Many home owners are like voters.
In the run-up to the 2008 Congressional elections, the nationwide approval rating for the U.S. Congress sunk into single digits. I don't know if that was an historic low, but I hate to think we've ever had a Congress whose approval rating was less than 9 percent.
And, yet, on Nov. 4, more than 93 percent of U.S. Congressman and Senators running for re-election prevailed in their individual elections. In other words, "Everyone else's Congressman is a bum......except mine."
This mentality can apply to homeowners, as well. A lot of you agents may have already seen the new 3rd Quarter Zillow study, which reveals that Americans overwhelming acknowledge the real estate downturn.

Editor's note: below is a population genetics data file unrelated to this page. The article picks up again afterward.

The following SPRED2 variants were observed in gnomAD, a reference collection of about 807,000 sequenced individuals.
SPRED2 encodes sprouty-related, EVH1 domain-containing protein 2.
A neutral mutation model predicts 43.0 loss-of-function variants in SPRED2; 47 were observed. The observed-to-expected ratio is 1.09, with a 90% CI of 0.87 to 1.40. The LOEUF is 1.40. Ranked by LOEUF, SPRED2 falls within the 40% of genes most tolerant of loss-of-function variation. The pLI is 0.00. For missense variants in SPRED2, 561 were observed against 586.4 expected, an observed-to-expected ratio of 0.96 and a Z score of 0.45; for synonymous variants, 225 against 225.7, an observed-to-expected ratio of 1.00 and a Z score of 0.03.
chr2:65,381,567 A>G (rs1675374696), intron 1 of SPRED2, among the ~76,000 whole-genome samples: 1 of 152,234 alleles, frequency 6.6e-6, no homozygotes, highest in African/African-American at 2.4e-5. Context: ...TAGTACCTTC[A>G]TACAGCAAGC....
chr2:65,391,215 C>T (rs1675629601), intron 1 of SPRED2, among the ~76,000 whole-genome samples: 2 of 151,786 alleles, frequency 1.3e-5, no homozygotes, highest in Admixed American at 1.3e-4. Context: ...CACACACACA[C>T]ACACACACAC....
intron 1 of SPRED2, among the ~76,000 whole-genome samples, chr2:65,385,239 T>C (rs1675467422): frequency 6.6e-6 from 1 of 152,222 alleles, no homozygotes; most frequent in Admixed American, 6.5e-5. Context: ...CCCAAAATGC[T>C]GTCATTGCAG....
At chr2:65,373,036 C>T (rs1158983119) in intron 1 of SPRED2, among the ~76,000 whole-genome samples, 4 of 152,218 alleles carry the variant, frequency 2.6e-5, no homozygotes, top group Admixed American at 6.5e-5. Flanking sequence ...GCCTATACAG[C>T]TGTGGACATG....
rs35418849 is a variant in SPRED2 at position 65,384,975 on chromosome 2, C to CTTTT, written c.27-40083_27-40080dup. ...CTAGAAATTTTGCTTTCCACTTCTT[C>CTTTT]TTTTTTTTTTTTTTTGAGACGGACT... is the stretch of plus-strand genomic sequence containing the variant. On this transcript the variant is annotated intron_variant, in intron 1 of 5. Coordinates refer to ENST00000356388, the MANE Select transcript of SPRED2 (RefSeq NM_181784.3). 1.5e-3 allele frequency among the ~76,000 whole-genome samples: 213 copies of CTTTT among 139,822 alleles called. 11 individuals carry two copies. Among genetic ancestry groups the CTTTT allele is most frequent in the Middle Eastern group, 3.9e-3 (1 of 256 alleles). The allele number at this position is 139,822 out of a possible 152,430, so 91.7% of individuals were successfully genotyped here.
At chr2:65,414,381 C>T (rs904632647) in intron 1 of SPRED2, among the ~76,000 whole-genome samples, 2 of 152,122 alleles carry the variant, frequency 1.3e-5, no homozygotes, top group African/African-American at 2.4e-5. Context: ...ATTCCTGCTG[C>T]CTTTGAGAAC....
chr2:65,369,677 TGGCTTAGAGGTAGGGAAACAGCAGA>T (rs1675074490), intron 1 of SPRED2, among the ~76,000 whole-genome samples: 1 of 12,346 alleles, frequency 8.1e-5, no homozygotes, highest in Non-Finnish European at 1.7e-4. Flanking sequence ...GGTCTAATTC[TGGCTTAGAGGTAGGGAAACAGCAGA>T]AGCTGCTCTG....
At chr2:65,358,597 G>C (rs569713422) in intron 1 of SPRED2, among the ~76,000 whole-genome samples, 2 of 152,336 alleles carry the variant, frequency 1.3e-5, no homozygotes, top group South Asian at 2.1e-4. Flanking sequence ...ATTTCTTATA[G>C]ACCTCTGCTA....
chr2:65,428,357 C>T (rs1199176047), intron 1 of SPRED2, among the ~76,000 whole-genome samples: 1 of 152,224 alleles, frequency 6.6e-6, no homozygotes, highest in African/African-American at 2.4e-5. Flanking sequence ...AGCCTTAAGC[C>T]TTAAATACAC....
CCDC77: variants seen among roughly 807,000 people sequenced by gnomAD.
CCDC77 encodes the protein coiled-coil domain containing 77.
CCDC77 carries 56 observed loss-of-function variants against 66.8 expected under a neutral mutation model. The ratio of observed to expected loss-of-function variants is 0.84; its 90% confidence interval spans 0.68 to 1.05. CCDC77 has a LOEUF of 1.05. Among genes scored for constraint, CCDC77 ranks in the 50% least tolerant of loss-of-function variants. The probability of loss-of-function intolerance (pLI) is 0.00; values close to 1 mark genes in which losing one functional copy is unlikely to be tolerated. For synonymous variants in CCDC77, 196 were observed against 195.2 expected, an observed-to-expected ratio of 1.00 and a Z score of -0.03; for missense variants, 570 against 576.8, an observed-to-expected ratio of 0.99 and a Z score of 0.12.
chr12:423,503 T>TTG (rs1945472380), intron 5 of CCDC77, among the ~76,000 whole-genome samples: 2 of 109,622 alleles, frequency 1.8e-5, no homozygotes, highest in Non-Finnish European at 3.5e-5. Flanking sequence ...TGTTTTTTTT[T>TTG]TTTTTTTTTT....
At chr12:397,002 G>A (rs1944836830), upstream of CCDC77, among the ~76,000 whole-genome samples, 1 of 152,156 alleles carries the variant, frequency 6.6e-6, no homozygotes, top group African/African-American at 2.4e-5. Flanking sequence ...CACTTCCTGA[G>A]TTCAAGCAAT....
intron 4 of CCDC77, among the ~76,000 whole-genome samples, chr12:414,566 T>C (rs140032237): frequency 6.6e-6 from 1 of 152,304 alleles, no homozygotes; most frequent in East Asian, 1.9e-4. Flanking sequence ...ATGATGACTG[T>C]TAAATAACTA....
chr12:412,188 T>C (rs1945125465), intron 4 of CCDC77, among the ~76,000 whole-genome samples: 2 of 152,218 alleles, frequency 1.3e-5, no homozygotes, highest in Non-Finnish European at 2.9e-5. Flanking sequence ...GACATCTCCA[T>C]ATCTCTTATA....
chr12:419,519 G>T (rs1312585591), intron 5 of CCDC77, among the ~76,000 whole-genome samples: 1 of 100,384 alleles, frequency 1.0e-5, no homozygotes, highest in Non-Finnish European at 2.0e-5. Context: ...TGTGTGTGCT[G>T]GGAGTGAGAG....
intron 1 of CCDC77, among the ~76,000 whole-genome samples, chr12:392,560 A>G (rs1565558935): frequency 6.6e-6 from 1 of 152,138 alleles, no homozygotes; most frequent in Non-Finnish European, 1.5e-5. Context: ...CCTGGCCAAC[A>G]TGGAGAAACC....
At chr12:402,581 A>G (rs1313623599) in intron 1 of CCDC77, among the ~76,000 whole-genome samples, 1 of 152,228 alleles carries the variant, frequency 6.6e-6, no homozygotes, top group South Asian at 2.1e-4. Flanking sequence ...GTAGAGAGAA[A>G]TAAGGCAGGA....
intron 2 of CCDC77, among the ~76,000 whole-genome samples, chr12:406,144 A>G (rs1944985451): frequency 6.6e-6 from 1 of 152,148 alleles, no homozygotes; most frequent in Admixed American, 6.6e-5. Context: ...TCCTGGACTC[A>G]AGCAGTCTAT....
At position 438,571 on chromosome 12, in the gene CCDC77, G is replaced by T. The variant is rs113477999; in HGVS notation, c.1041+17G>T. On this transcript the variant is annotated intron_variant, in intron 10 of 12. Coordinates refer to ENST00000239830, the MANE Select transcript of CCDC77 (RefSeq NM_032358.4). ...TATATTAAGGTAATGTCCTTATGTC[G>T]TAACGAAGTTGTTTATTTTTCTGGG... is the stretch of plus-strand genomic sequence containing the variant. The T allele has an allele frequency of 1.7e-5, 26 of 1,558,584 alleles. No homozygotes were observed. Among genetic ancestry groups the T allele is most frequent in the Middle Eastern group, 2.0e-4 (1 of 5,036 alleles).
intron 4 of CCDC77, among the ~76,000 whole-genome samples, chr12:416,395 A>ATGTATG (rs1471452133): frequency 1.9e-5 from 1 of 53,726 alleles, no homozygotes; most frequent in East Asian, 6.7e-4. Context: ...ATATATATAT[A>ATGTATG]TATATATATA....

Many just don't think it applies to them.
In fact, 49 percent of American homeowners polled believe their home has either retained it's value or increased in value over the past year, according to the poll, which was conducted for Zillow by Harris Interactive. This despite the fact 74 percent of homes nationwide lost value over the past 12 months, according to the Zillow study, released Nov. 12.
Moving forward, individual homeowners are equally as confident, with 61 percent believing their own home will retain its value, or increase in value, over the next six months. However, 57 percent of homeowners believe overall values in their individual markets will decrease over the next six months.
And people think selling real estate is an easy way to earn a living.
I got out of the crystal ball business a long time ago, so I don't profess to know what is to come. I do know the market is tough right now. And I read an interesting question today, in regards to homeowners' confidence in their own home.
Is this optimism a good thing, which might kick start the market, or is it just something that is just going to lead to unrealistic expectations and Realtor teeth-gnashing over the next six months?